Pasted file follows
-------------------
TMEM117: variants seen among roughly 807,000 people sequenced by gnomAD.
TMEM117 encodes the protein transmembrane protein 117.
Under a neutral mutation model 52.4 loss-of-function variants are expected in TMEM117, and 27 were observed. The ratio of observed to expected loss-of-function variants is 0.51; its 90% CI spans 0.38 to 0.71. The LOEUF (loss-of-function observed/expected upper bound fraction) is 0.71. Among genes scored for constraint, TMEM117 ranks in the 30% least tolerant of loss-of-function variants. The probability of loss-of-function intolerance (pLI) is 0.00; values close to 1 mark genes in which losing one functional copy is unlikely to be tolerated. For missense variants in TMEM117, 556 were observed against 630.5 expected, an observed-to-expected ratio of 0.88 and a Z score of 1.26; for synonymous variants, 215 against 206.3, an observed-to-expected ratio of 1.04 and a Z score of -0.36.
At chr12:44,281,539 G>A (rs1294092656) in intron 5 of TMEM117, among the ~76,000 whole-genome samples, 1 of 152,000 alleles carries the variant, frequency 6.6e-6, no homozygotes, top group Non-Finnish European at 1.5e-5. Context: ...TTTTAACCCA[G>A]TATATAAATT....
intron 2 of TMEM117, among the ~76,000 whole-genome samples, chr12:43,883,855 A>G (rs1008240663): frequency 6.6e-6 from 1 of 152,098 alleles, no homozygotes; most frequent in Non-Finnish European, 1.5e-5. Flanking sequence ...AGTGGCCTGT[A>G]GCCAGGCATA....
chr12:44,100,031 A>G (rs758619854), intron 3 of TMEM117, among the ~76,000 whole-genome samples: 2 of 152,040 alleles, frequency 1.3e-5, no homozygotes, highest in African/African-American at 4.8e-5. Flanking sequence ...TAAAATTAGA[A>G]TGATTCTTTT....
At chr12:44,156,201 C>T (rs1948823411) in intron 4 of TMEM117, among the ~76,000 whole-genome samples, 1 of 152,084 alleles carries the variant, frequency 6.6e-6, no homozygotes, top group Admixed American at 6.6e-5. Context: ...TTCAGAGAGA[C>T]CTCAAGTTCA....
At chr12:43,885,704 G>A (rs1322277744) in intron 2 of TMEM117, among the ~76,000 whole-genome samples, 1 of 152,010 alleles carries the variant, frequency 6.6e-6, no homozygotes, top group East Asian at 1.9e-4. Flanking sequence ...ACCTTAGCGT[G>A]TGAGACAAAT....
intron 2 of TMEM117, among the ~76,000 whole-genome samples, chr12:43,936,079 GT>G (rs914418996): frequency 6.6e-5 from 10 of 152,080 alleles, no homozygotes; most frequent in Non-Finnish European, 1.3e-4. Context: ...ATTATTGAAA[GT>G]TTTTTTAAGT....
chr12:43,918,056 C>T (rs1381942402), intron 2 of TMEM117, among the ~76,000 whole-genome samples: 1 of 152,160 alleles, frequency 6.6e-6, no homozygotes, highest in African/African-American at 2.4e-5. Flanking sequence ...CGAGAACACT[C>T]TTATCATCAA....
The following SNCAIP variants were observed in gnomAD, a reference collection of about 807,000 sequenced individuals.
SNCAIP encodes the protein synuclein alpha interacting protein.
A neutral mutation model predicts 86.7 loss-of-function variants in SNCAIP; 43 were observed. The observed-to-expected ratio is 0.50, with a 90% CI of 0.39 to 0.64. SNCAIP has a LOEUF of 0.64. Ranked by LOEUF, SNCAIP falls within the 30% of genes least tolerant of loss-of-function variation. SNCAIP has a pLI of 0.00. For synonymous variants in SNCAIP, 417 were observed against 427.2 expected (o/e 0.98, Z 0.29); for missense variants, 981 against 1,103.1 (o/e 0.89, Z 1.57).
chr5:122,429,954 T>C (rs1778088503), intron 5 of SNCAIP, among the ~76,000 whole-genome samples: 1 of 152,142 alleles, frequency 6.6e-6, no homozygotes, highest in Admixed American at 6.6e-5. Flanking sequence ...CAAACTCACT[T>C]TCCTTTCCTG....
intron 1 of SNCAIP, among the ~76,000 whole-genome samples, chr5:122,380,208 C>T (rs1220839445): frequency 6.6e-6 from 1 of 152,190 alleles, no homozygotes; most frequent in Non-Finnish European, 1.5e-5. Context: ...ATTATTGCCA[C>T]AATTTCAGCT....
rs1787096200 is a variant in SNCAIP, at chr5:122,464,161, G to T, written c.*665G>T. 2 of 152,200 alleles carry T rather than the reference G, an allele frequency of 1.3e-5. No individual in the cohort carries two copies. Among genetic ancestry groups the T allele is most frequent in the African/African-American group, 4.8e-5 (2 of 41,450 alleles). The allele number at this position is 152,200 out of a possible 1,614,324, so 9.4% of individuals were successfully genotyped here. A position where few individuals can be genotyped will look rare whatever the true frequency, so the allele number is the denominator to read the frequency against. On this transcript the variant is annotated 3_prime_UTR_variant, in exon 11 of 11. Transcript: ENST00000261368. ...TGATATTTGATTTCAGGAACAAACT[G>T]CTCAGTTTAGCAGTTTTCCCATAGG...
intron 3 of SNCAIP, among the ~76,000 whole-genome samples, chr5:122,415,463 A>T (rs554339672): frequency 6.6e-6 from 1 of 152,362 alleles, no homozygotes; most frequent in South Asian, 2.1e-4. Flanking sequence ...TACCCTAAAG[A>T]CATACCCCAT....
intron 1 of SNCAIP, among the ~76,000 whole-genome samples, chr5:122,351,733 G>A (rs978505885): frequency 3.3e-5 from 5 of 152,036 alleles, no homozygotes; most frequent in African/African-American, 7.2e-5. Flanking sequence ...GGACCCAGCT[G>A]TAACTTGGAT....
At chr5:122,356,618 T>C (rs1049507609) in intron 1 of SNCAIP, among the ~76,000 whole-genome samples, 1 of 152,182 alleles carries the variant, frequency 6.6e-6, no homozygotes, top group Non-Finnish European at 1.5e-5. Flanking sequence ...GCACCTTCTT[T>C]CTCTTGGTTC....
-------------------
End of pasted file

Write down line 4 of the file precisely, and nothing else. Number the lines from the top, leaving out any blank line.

At chr12:44,281,539 G>A (rs1294092656) in intron 5 of TMEM117, among the ~76,000 whole-genome samples, 1 of 152,000 alleles carries the variant, frequency 6.6e-6, no homozygotes, top group Non-Finnish European at 1.5e-5. Context: ...TTTTAACCCA[G>A]TATATAAATT....